Black Maternal Health – Amber Grady

Black Maternal Health – Amber Grady

Amber Grady

April 11 – 17 is Black Maternal Health Week, a federally recognized awareness week that shines a light on important issues surrounding Black maternal health. 

In recognition of Black Maternal Health Week, we would like to acknowledge, Amber Grady who is a Black mother and a clinical specialist for the Woman’s Hospital Inpatient Pharmacy. Amber provides pharmacy support for our neonatal patient population and serves as the antimicrobial stewardship pharmacist for the hospital. Amber advocates for the well-being of all women, especially Black women.

  • Why did you choose Woman’s Hospital to give birth?

I chose to give birth at Woman’s Hospital because this is our area of expertise. Delivering at a hospital that focuses on maternal and fetal health was really important to me, especially as a first-time mother. I wanted to deliver somewhere that could handle any complications should they occur.

  • Why did you choose natural birth (an often taboo birthing style in the Black community)?

I’ve always envisioned myself having a natural delivery. Initially, I felt like I should have had a better reason, but then I realized that this was my birthing experience and I deserved to have what I envisioned for myself. I spoke with my physician and we decided that we would plan for a natural delivery, but with the option to change my mind if I needed. I recommend having a birthing plan but also being flexible because babies aren’t always predictable.  

  • Did you have any concerns?

Having a baby is always a scary experience. As a healthcare professional, I have seen a lot of possible complications and it could be really disconcerting at times to know that could be me. I was lucky to have a good support system when I struggled during my pregnancy and post-partum journey and I am grateful for that.

  • Although you are an employee at Woman’s, were there any moments when you felt unheard?

Overall, I had a really good experience at Woman’s Hospital. I remember needing to come to the Assessment Center early in my pregnancy and being afraid that I wouldn’t be taken seriously, but that wasn’t the case. There was a time when I had to see a Nurse Practitioner because my physician was in emergency surgery and I was discussing my continued struggles with morning sickness and hyperemesis. The practitioner told me that I shouldn’t really be struggling with that since I was over 14 weeks and I should be trying to eat more protein. I remember thinking I eat whatever I can keep down and I know many women struggle with hyperemesis for their entire pregnancy. While that experience wasn’t the best I was actually really impressed because my physician called the next day to check on me since she’d missed our appointment and was very understanding of my continued struggles and asked if I needed any additional medications.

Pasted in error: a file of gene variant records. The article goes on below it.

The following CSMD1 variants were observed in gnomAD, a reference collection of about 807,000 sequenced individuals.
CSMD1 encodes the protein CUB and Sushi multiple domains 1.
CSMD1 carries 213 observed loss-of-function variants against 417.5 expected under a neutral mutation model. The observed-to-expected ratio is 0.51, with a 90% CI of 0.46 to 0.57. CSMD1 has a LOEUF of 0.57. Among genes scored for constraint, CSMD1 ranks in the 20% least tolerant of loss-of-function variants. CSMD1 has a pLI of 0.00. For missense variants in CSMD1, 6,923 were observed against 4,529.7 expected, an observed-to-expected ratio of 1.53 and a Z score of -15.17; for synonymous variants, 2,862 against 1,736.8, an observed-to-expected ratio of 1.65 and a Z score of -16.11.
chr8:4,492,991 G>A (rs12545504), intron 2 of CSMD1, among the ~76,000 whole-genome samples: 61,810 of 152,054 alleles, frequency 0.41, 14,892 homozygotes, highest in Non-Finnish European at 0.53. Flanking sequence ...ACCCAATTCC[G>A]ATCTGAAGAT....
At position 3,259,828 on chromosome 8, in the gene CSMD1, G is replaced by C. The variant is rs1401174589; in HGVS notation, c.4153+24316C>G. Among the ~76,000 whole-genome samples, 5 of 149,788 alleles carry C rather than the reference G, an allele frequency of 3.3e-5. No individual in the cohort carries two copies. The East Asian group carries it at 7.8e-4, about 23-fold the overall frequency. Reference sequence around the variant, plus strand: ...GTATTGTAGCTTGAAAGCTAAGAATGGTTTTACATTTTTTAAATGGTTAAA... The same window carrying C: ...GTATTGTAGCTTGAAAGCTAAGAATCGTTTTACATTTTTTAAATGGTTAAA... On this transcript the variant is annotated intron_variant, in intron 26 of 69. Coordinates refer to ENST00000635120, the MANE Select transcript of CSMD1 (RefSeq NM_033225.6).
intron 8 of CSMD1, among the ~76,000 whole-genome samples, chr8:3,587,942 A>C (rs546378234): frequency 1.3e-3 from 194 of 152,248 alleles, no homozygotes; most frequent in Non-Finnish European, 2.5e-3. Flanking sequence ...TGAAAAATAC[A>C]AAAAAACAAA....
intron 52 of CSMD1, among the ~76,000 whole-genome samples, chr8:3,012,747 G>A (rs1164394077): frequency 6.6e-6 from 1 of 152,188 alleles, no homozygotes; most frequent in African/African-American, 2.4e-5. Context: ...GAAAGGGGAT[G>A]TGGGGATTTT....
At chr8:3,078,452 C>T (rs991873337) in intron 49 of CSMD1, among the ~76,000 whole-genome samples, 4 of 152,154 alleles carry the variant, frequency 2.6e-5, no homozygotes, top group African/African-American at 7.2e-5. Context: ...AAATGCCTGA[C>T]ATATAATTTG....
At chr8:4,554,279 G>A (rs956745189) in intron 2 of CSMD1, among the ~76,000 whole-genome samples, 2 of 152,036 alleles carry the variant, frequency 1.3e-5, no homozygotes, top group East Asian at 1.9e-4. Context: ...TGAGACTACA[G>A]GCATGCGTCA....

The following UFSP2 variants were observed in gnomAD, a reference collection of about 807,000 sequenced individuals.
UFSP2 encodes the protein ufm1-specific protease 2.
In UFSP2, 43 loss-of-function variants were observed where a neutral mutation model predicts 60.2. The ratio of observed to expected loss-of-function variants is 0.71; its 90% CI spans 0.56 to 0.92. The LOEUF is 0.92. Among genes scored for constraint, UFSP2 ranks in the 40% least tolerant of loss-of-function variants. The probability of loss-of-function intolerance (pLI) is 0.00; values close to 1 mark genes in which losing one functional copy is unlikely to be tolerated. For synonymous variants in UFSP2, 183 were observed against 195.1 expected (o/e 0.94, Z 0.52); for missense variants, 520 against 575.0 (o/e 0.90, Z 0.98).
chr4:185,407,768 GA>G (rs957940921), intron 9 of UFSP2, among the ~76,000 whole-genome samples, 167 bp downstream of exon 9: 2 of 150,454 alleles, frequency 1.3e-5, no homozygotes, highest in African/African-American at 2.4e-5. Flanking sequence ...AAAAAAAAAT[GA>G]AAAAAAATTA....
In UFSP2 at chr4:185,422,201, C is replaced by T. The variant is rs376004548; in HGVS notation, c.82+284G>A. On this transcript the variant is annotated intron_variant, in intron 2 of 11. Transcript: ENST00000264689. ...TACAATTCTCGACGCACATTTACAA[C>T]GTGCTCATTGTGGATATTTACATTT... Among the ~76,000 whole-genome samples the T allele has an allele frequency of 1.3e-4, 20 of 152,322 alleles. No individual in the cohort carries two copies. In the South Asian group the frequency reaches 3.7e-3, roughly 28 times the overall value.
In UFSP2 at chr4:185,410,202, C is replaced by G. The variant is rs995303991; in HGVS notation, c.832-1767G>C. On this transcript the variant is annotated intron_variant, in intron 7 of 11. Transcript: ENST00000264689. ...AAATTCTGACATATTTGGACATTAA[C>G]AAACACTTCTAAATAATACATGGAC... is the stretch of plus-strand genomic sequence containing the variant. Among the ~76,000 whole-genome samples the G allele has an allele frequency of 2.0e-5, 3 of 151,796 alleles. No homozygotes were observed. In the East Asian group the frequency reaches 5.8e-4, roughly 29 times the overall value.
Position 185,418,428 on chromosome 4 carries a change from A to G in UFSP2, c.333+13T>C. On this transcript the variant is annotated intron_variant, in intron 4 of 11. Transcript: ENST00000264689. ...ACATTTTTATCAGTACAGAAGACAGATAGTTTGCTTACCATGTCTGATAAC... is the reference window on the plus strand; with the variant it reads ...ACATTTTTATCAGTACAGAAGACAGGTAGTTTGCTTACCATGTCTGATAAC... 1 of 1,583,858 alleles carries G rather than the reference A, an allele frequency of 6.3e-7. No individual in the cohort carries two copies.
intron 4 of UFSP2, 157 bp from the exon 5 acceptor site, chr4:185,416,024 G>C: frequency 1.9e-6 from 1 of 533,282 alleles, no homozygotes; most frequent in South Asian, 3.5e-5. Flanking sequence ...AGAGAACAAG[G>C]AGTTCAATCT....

• How did you learn how to advocate for your health?

It can be difficult to feel comfortable advocating for yourself. I’ve seen so many patients not want to complain or make a fuss and when they do finally speak up for themselves it’s too late. I think that seeing these cases taught me that you know your body better than anyone else and that if you don’t speak up then no one will ever know.

  • How do you recommend black women who are expecting mothers advocate for themselves?

I think the first step to advocating for yourself is to choose a healthcare team that you can trust and that ensures that you feel comfortable. This is such an important decision and I often hear women talk about how their physician didn’t take their concerns seriously. Pregnancy is a beautiful journey, but it is also a dangerous one. Take the time when choosing your healthcare team. I also recommend that you take to time to find out what you can expect from pregnancy. Remember it’s always best to ask your questions and state any concerns.  

  • Why is it so important for this demographic to advocate for themselves?

While things are getting better, there are still many misconceptions in healthcare and society when it comes to Black women. We are still significantly more likely to die in childbirth, so we have to do everything we can to advocate for our health. Black women should feel empowered to speak for themselves and prioritize their health.

At Woman’s Hospital, it is our priority to provide our soon-to-be mothers with the best health care and resources to prepare for a healthy pregnancy and safe labor and delivery. Click here to learn more about the resources we provide.